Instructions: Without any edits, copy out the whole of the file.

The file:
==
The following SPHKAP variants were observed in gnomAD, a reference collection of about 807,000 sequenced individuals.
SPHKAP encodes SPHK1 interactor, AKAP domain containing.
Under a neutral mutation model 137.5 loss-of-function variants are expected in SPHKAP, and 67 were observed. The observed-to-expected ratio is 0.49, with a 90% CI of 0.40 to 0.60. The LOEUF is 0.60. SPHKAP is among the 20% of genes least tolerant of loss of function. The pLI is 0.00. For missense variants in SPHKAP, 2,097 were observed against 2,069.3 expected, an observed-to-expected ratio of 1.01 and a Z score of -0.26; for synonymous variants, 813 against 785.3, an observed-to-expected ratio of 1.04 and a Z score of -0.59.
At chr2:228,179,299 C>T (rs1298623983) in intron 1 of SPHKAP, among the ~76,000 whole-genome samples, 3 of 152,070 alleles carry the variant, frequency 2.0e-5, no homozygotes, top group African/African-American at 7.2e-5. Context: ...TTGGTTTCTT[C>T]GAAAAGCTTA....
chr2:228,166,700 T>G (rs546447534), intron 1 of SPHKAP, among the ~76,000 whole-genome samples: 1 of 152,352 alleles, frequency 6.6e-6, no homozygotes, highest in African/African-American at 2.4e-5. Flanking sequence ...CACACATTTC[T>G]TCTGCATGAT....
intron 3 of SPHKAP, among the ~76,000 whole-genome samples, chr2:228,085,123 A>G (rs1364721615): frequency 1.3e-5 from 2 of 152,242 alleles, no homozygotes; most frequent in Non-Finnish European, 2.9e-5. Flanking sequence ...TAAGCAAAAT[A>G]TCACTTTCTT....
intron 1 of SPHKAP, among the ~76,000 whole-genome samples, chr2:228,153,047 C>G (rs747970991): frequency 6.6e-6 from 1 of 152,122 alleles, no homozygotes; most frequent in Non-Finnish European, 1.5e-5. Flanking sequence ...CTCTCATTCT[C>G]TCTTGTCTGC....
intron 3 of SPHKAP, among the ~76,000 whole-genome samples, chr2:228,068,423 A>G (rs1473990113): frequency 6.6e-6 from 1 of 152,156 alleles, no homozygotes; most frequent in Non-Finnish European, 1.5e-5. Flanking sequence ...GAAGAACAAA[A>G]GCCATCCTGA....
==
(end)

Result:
The following SPHKAP variants were observed in gnomAD, a reference collection of about 807,000 sequenced individuals.
SPHKAP encodes SPHK1 interactor, AKAP domain containing.
Under a neutral mutation model 137.5 loss-of-function variants are expected in SPHKAP, and 67 were observed. The observed-to-expected ratio is 0.49, with a 90% CI of 0.40 to 0.60. The LOEUF is 0.60. SPHKAP is among the 20% of genes least tolerant of loss of function. The pLI is 0.00. For missense variants in SPHKAP, 2,097 were observed against 2,069.3 expected, an observed-to-expected ratio of 1.01 and a Z score of -0.26; for synonymous variants, 813 against 785.3, an observed-to-expected ratio of 1.04 and a Z score of -0.59.
At chr2:228,179,299 C>T (rs1298623983) in intron 1 of SPHKAP, among the ~76,000 whole-genome samples, 3 of 152,070 alleles carry the variant, frequency 2.0e-5, no homozygotes, top group African/African-American at 7.2e-5. Context: ...TTGGTTTCTT[C>T]GAAAAGCTTA....
chr2:228,166,700 T>G (rs546447534), intron 1 of SPHKAP, among the ~76,000 whole-genome samples: 1 of 152,352 alleles, frequency 6.6e-6, no homozygotes, highest in African/African-American at 2.4e-5. Flanking sequence ...CACACATTTC[T>G]TCTGCATGAT....
intron 3 of SPHKAP, among the ~76,000 whole-genome samples, chr2:228,085,123 A>G (rs1364721615): frequency 1.3e-5 from 2 of 152,242 alleles, no homozygotes; most frequent in Non-Finnish European, 2.9e-5. Flanking sequence ...TAAGCAAAAT[A>G]TCACTTTCTT....
intron 1 of SPHKAP, among the ~76,000 whole-genome samples, chr2:228,153,047 C>G (rs747970991): frequency 6.6e-6 from 1 of 152,122 alleles, no homozygotes; most frequent in Non-Finnish European, 1.5e-5. Flanking sequence ...CTCTCATTCT[C>G]TCTTGTCTGC....
intron 3 of SPHKAP, among the ~76,000 whole-genome samples, chr2:228,068,423 A>G (rs1473990113): frequency 6.6e-6 from 1 of 152,156 alleles, no homozygotes; most frequent in Non-Finnish European, 1.5e-5. Flanking sequence ...GAAGAACAAA[A>G]GCCATCCTGA....